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Richmond Garden and Farm Supply Centre

A Grade II* Listed Building in St. Martin's, North Yorkshire

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Coordinates

Latitude: 54.403 / 54°24'10"N

Longitude: -1.7296 / 1°43'46"W

OS Eastings: 417652

OS Northings: 500870

OS Grid: NZ176008

Mapcode National: GBR JKCJ.BF

Mapcode Global: WHC6D.DLMG

Entry Name: Richmond Garden and Farm Supply Centre

Listing Date: 4 March 1969

Last Amended: 6 November 1986

Grade: II*

Source: Historic England

Source ID: 1157668

English Heritage Legacy ID: 322182

Location: St. Martin's, Richmondshire, North Yorkshire, DL10

County: North Yorkshire

District: Richmondshire

Civil Parish: St. Martin's

Traditional County: Yorkshire

Lieutenancy Area (Ceremonial County): North Yorkshire

Church of England Parish: Richmond with Holy Trinity with Hudswell

Church of England Diocese: Leeds

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Richmond

Listing Text

ST MARTINS RICHMONDSHIRE RECREATION
NZ 10 SE CENTRE

4/116 Richmond Garden and Farm
Supply Centre
4.3.69 (formerly listed as
Richmond Railway Station)

GV II*

Railway passenger station, now garden centre. c1846. By G T Andrews for
George Hudson's Great North of England Railway. Sandstone rubble with
ashlar dressings, Welsh slate and glass roof. Jacobethan style. Triple-
depth plan. Single-storey; 9-bay train-shed fronted by 11-bay office range
with 5-bay porte-cochère further to the front. Plinth. Quoins. Porte-
cochère: arcade of moulded 4-centred arches divided by stepped buttresses.
String with gargoyles, parapet. Inner wall, from left: 3-light mullion and
transom window; leaved door in surround with moulded stop-chamfered jambs
and with moulded corbels supporting lintel; part-glazed leaved door with
similar jambs and 3-light mullioned overlight; 2-light mullion and transom
window; main entrance door with Perpendicular-style traceried panelling and
wicket-door, in hollow-moulded pointed-arched doorway with label. To right
of porte-cochère: three 2-light mullion and transom windows; gabled
slightly-projecting bay with canted-bay window with lead roof; two 2-light
mullion and transom windows. String, parapet. Welsh slate roofs, taller
over porte-cochère. Ashlar copings to left section and also at right end.
Tall ashlar stacks with strings and cornices: square at end left; double-
octagon between bays 2 and 3; lozenge at right end of porte-cochère; single
octagon to left of gabled bay; double-octagon to right of gabled bay.
Behind, glazed 2-span roof of train shed. To left of porte-cochère: single-
storey lower range supporting wrought-iron water tank with roundel bearing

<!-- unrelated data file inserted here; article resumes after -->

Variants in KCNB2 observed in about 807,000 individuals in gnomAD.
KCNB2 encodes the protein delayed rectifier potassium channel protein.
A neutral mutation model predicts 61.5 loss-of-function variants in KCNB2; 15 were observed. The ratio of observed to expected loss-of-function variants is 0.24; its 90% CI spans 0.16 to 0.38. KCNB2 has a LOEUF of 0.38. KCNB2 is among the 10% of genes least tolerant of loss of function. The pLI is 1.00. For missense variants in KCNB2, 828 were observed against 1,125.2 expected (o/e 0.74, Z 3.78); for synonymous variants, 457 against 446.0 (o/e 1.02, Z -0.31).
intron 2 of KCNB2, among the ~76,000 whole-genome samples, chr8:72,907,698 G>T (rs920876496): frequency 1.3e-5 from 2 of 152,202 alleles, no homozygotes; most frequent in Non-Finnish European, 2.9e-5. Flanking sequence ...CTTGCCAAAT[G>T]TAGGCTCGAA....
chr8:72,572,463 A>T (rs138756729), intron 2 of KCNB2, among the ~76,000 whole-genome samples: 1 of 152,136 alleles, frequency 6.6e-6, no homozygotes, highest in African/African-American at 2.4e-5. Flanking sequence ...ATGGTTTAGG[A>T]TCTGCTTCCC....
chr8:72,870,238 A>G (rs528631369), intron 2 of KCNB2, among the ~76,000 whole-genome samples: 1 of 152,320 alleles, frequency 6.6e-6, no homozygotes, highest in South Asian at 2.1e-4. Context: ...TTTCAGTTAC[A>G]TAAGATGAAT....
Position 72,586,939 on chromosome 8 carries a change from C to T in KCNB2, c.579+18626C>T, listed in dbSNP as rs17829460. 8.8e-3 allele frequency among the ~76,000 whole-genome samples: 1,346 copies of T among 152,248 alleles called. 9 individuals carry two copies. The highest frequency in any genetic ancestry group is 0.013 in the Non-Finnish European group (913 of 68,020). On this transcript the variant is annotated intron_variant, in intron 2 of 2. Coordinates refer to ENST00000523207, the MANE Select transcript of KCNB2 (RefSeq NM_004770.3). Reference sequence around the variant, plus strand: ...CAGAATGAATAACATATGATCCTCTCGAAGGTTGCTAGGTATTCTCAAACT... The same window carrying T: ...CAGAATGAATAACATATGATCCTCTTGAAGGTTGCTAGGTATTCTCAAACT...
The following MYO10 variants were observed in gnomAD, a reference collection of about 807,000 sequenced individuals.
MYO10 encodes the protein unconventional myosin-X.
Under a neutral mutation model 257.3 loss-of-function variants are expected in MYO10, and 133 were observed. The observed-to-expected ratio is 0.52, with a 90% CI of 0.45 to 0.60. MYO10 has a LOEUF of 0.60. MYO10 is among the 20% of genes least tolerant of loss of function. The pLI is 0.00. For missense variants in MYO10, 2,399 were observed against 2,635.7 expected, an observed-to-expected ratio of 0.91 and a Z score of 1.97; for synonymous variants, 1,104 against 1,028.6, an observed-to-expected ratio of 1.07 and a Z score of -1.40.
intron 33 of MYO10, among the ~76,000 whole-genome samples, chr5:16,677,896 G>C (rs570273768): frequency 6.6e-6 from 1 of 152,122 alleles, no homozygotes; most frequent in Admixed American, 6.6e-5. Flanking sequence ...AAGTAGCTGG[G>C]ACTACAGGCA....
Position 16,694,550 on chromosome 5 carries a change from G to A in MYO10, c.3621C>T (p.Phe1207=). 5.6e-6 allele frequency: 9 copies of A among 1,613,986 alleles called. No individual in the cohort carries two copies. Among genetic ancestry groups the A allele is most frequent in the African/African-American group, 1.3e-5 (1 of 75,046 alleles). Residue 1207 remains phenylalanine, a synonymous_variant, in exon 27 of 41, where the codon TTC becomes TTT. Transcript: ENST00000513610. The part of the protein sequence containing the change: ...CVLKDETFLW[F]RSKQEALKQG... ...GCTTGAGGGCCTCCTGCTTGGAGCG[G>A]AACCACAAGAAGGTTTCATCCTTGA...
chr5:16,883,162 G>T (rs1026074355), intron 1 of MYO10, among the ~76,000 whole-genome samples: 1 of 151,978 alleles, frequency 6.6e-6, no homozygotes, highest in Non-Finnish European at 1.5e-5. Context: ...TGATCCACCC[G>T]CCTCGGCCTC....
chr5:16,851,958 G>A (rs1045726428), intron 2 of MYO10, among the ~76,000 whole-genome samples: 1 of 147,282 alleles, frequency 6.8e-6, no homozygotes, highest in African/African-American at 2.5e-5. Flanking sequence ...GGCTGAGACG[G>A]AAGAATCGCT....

legend "E THOMPSON YORK 1854". Rear elevation of train shed: 9 bays divided
by stepped buttresses. 8 cross windows, the fifth bay blind. Glass roof
over bays 2-8 slightly raised with louvred ventilator below at junction with
Welsh slate roof. Left return: twin openings to train shed, now with C20
glazing below herringbone timber panelling in gables, each with a 2-light
window, a tie-beam decorated with tracery and traceried bargeboards. Right
return: to left, set back, lower gable of office range with 2-light mullion
and transom window; twin gables of train shed with canted-bay window with
stone roof in centre and double mullion and transom window to right.
Interior: rooms in office range retain their panelled doors, cornices and
some fireplaces. Ticket fixture in former ticket office. Shutters to
windows from parcels office onto platform. Train shed: roof valley carried
on octagonal hollow cast-iron columns, one bearing maker's name "JOHN WALKER
YORK" (iron founder to Queen Victoria 1847-1853 and maker of the railings
and gates for the British Museum, 1851). The connecting beams in the form
of 4-centred arches, with flat castings of Perpendicular-Tudor motifs in the
spandrels. Suspension roof to train-shed spans. The station complex at
Richmond forms an important group of railway buildings and is almost
complete, only the goods station and coal-staithes having been demolished.
The passenger station is of outstanding architectural importance, being one
of the best of many good stations designed by G T Andrews for George Hudson
(several now demolished), and executed with particularly high quality
materials and craftsmanship. It formed the terminus of the Richmond branch
line from Darlington. Biddle G & Nock O S, The Railway Heritage of Britain
(1983), p 38; Malden J "The Walker Ironfoundry, York, c1825-1923", York
Historian vol 1 (1976) pp 37-52.


Listing NGR: NZ1765200870

This text is from the original listing, and may not necessarily reflect the current setting of the building.

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